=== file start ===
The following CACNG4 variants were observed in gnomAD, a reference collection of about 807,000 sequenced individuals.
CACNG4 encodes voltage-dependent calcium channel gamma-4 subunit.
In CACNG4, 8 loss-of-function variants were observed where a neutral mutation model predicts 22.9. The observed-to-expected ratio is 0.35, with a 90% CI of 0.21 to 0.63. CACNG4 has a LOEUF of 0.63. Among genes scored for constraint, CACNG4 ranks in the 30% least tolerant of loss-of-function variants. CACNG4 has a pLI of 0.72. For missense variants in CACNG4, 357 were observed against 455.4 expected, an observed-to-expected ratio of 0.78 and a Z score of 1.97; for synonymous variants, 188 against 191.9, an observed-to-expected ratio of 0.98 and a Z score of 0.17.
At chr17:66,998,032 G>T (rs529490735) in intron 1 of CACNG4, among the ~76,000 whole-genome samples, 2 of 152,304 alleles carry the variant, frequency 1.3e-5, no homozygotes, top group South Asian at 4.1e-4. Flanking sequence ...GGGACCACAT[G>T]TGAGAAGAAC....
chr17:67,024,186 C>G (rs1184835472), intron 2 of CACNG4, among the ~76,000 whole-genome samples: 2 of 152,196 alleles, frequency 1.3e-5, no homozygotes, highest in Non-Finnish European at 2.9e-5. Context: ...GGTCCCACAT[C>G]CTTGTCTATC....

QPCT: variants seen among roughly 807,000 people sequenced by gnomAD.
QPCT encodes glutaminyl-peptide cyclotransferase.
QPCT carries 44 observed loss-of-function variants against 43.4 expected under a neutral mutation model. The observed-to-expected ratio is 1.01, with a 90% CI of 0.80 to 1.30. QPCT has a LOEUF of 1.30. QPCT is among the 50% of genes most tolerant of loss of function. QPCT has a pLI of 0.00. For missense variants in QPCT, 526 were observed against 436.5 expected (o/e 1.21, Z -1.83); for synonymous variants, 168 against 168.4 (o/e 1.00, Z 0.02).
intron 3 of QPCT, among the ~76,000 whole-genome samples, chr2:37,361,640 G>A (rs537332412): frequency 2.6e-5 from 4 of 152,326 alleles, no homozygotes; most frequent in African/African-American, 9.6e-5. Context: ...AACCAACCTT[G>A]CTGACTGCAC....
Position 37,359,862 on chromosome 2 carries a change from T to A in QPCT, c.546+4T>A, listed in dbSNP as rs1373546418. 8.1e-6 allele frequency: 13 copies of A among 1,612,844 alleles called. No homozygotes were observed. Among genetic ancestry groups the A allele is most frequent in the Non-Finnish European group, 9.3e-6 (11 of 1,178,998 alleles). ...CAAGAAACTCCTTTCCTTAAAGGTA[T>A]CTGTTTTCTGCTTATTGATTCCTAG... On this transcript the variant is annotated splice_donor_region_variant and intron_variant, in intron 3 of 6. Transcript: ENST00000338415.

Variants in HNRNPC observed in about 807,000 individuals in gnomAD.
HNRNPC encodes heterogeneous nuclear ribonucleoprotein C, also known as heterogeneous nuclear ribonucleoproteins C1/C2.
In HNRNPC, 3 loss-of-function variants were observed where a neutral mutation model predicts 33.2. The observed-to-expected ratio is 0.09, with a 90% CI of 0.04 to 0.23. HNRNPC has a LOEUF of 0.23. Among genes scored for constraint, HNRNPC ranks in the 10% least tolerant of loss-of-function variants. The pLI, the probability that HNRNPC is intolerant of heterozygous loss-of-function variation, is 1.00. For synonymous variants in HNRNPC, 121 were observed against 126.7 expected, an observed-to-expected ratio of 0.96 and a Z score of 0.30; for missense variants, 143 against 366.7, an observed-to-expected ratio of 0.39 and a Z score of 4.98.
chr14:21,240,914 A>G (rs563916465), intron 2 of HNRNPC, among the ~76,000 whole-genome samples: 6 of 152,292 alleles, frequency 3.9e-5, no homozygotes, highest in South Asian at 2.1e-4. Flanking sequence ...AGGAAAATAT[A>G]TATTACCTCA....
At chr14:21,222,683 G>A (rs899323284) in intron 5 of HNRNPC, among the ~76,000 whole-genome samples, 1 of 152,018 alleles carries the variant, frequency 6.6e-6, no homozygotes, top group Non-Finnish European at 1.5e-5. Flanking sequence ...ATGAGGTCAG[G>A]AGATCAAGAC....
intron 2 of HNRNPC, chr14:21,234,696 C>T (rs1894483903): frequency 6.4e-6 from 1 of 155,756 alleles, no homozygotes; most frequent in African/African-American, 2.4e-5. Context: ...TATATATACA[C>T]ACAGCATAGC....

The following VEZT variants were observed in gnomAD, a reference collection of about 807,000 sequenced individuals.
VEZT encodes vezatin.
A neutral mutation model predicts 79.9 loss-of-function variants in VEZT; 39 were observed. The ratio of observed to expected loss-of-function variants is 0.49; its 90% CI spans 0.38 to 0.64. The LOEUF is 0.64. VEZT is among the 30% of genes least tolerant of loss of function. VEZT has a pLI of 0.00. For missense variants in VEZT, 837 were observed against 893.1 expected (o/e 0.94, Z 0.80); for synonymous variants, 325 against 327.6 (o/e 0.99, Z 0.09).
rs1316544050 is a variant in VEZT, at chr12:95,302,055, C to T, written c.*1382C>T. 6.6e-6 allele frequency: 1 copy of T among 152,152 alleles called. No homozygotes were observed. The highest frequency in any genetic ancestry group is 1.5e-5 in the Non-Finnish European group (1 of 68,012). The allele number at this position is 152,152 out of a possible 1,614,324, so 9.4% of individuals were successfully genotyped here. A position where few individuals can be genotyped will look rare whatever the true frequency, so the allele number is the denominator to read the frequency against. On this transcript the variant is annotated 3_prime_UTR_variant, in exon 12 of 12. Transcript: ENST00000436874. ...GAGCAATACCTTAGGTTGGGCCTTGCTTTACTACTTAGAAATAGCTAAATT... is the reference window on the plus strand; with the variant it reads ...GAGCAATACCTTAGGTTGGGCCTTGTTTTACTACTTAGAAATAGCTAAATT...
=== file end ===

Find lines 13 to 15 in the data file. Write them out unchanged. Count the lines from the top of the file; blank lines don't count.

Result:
In HNRNPC, 3 loss-of-function variants were observed where a neutral mutation model predicts 33.2. The observed-to-expected ratio is 0.09, with a 90% CI of 0.04 to 0.23. HNRNPC has a LOEUF of 0.23. Among genes scored for constraint, HNRNPC ranks in the 10% least tolerant of loss-of-function variants. The pLI, the probability that HNRNPC is intolerant of heterozygous loss-of-function variation, is 1.00. For synonymous variants in HNRNPC, 121 were observed against 126.7 expected, an observed-to-expected ratio of 0.96 and a Z score of 0.30; for missense variants, 143 against 366.7, an observed-to-expected ratio of 0.39 and a Z score of 4.98.
chr14:21,240,914 A>G (rs563916465), intron 2 of HNRNPC, among the ~76,000 whole-genome samples: 6 of 152,292 alleles, frequency 3.9e-5, no homozygotes, highest in South Asian at 2.1e-4. Flanking sequence ...AGGAAAATAT[A>G]TATTACCTCA....
At chr14:21,222,683 G>A (rs899323284) in intron 5 of HNRNPC, among the ~76,000 whole-genome samples, 1 of 152,018 alleles carries the variant, frequency 6.6e-6, no homozygotes, top group Non-Finnish European at 1.5e-5. Flanking sequence ...ATGAGGTCAG[G>A]AGATCAAGAC....